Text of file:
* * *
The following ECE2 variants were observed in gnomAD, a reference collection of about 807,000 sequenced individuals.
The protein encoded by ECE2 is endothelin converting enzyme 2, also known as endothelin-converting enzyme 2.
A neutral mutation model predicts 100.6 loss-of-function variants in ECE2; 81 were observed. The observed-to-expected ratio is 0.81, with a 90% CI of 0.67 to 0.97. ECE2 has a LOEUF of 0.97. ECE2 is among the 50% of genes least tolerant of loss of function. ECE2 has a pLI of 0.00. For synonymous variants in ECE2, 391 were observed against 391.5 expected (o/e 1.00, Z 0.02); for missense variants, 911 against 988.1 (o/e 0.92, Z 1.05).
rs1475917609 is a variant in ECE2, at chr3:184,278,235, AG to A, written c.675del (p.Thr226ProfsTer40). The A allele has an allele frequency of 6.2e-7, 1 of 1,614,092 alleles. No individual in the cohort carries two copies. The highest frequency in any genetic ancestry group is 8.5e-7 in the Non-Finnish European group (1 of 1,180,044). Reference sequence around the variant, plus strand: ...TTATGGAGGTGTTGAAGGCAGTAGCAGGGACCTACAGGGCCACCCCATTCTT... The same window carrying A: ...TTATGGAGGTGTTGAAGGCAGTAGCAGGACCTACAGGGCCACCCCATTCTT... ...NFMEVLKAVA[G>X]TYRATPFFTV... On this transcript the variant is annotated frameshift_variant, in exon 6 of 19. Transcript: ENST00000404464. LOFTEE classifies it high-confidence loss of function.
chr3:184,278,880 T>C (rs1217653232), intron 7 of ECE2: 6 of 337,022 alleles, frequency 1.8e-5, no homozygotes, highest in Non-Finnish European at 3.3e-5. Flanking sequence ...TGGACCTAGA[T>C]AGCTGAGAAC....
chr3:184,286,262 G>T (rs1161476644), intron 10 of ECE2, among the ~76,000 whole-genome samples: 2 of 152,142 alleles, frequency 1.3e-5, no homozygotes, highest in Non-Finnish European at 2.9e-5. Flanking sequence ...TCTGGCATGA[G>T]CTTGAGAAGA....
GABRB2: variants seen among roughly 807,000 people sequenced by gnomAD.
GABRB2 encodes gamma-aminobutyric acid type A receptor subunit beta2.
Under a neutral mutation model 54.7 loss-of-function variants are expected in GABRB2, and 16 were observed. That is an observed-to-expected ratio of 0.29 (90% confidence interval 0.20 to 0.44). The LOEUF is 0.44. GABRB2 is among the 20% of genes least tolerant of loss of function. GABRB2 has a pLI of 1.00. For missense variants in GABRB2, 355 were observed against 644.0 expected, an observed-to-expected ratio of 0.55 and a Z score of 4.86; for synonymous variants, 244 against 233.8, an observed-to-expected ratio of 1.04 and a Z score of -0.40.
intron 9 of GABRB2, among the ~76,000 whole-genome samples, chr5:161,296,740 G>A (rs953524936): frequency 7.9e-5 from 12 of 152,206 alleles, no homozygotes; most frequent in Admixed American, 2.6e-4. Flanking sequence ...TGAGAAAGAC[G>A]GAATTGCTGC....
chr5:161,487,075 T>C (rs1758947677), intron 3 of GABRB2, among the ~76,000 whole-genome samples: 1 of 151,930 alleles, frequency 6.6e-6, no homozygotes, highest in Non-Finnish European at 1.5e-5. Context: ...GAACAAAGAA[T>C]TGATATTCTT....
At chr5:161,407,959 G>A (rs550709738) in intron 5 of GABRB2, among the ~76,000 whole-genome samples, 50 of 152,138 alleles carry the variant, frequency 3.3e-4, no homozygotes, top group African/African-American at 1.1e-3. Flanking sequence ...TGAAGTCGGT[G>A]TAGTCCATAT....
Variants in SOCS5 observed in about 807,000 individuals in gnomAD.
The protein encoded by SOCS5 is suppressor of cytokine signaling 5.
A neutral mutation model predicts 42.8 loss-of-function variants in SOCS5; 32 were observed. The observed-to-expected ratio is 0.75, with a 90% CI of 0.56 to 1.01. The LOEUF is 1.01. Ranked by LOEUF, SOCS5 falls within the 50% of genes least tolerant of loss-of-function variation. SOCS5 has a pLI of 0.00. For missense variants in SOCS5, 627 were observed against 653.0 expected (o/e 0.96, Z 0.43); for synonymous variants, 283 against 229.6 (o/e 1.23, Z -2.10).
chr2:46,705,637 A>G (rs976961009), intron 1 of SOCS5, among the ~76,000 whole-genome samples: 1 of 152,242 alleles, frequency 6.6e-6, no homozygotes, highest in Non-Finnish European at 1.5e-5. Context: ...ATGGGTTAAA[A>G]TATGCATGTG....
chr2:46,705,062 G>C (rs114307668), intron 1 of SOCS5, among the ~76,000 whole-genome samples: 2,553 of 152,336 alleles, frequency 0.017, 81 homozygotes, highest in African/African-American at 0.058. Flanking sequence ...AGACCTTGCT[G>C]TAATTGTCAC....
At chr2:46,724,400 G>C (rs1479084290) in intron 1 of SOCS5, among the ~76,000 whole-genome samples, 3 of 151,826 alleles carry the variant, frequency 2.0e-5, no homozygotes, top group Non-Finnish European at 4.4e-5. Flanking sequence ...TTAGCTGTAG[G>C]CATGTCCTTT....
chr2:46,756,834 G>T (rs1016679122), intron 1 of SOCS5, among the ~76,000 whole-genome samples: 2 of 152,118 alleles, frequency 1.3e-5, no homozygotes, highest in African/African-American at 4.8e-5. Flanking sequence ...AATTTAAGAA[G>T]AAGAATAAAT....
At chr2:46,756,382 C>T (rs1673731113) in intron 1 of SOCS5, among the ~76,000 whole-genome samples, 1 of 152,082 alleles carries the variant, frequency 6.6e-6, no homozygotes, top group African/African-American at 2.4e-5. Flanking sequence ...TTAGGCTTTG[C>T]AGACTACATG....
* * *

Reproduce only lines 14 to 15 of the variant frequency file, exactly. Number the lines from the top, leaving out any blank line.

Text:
The protein encoded by SOCS5 is suppressor of cytokine signaling 5.
A neutral mutation model predicts 42.8 loss-of-function variants in SOCS5; 32 were observed. The observed-to-expected ratio is 0.75, with a 90% CI of 0.56 to 1.01. The LOEUF is 1.01. Ranked by LOEUF, SOCS5 falls within the 50% of genes least tolerant of loss-of-function variation. SOCS5 has a pLI of 0.00. For missense variants in SOCS5, 627 were observed against 653.0 expected (o/e 0.96, Z 0.43); for synonymous variants, 283 against 229.6 (o/e 1.23, Z -2.10).